"The Republican Party is the Party of law and order, and we need every Republican voter focused on getting Republicans and constitutional conservatives elected across Colorado in 2022," they continued. "Today, we are asking Clerk Peters to consider what is best for the Republican Party in Colorado and act accordingly as she avails herself of our judicial system."

Peters is running in a primary against two other Republicans for the secretary of state position: former Jefferson County Clerk and director of the Colorado County Clerks Association Pam Anderson, and economic development specialist Mike O'Donnell. Griswold is unopposed for her party's nomination.

Last summer, Griswold ordered Mesa County to replace its election equipment after secure passwords and copies of its election management software appeared online. Griswold later prevailed in a lawsuit to prevent Peters from administering last year's off-year election and filed a similar lawsuit last month regarding this year's vote.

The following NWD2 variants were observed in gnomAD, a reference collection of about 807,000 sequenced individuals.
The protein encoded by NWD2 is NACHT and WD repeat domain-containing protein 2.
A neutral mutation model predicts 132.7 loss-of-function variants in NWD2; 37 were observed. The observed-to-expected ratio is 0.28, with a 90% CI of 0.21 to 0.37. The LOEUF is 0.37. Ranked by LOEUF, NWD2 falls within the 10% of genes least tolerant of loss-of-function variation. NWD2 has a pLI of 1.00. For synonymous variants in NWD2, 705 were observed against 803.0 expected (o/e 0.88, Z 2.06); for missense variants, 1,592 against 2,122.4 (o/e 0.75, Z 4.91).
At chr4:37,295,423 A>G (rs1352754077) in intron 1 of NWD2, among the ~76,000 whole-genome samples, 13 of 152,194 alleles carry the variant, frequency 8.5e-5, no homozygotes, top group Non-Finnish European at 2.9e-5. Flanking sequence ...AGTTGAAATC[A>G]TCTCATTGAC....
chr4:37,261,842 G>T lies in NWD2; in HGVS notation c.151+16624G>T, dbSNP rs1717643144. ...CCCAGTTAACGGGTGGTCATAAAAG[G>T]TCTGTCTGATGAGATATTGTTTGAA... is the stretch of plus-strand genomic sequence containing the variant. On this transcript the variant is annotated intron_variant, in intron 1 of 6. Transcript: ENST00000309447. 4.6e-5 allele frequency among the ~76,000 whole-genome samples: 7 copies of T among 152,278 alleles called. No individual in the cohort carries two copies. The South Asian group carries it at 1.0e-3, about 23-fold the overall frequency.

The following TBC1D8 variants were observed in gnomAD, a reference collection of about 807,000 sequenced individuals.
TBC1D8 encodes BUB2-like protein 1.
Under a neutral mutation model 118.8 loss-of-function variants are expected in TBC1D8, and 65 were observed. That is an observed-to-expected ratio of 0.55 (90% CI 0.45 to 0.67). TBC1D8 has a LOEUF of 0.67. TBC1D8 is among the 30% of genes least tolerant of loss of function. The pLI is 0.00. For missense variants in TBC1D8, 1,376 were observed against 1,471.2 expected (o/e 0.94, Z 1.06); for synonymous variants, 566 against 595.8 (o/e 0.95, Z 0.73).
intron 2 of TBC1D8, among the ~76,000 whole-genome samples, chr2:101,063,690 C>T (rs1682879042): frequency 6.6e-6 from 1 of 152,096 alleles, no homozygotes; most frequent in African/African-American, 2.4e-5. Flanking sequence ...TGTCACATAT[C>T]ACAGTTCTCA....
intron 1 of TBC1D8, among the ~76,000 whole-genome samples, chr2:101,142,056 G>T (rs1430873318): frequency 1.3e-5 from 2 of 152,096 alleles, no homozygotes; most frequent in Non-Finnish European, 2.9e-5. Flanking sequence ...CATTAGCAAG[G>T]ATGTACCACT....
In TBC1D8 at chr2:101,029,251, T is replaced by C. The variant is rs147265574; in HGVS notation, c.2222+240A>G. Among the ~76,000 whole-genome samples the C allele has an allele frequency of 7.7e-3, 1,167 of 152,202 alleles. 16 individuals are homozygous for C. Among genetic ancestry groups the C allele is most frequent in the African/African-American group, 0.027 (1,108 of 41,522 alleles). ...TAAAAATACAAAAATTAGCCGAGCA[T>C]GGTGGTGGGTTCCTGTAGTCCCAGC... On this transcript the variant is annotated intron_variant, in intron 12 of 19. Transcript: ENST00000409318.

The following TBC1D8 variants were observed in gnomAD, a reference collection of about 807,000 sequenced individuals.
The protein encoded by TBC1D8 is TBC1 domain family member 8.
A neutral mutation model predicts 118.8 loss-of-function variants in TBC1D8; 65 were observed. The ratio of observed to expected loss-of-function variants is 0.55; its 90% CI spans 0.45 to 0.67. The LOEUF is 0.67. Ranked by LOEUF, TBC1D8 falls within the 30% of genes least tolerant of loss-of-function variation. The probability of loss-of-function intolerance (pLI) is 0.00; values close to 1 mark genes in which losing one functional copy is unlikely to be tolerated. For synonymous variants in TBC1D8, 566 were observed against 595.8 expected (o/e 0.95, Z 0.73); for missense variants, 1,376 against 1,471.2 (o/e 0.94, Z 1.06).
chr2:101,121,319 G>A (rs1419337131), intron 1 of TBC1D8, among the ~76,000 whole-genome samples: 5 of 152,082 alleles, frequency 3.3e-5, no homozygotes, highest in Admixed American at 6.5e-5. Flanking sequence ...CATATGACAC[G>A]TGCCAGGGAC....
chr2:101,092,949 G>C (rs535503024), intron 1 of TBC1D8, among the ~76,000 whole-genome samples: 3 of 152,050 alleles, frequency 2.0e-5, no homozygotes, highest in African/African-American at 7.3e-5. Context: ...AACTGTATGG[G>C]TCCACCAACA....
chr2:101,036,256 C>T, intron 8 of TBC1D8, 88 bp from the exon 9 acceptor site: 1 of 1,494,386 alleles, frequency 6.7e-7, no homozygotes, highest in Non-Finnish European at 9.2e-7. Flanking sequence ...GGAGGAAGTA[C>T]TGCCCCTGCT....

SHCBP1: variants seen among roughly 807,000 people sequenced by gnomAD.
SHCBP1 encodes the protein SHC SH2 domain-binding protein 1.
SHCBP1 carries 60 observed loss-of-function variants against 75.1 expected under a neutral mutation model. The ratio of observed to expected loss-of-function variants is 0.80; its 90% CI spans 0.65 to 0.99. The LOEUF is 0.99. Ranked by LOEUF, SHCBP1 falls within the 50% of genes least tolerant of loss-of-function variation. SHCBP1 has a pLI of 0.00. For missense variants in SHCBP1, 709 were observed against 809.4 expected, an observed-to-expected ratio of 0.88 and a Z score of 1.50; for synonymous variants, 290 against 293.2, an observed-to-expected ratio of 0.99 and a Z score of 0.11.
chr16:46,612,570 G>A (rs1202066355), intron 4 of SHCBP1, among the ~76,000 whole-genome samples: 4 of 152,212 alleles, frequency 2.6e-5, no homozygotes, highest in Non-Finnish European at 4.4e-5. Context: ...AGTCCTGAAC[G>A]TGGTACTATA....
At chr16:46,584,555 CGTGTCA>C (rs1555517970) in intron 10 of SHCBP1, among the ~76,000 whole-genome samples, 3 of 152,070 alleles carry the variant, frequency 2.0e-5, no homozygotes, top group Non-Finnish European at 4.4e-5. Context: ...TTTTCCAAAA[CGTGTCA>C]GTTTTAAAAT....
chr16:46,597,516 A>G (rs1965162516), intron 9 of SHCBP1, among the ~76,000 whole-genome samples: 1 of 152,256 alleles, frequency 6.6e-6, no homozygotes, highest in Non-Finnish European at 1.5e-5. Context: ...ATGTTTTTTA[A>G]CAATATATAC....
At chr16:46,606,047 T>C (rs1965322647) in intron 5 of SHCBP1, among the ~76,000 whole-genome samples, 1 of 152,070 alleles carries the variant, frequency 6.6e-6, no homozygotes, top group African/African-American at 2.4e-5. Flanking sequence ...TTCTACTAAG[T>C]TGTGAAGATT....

In a lengthy statement that also took aim at Griswold and Daniel Rubinstein, the Republican district attorney whose office sought the indictments, Peters tore into Burton Brown, suggesting that the state party boss is out of touch with the "Republican base’s demand for more election transparency and integrity."

Peters called the party officers' statement a "knee-jerk overreaction" and dismissed it as naive, arguing that the Republicans who pursued the charges she's facing are in league with Democrats hoping to kneecap Griswold's strongest potential opponent.

Pointing out that state Republicans get legal advice from the same law firm that has defended Dominion Voting Systems — the Denver-based company that provides election equipment and software to the vast majority of Colorado's counties, including Mesa County — Peters also faulted Burton Brown for releasing the public statement without contacting her, a move she said "calls into question the Republican Party chairwoman’s impartiality in the primary."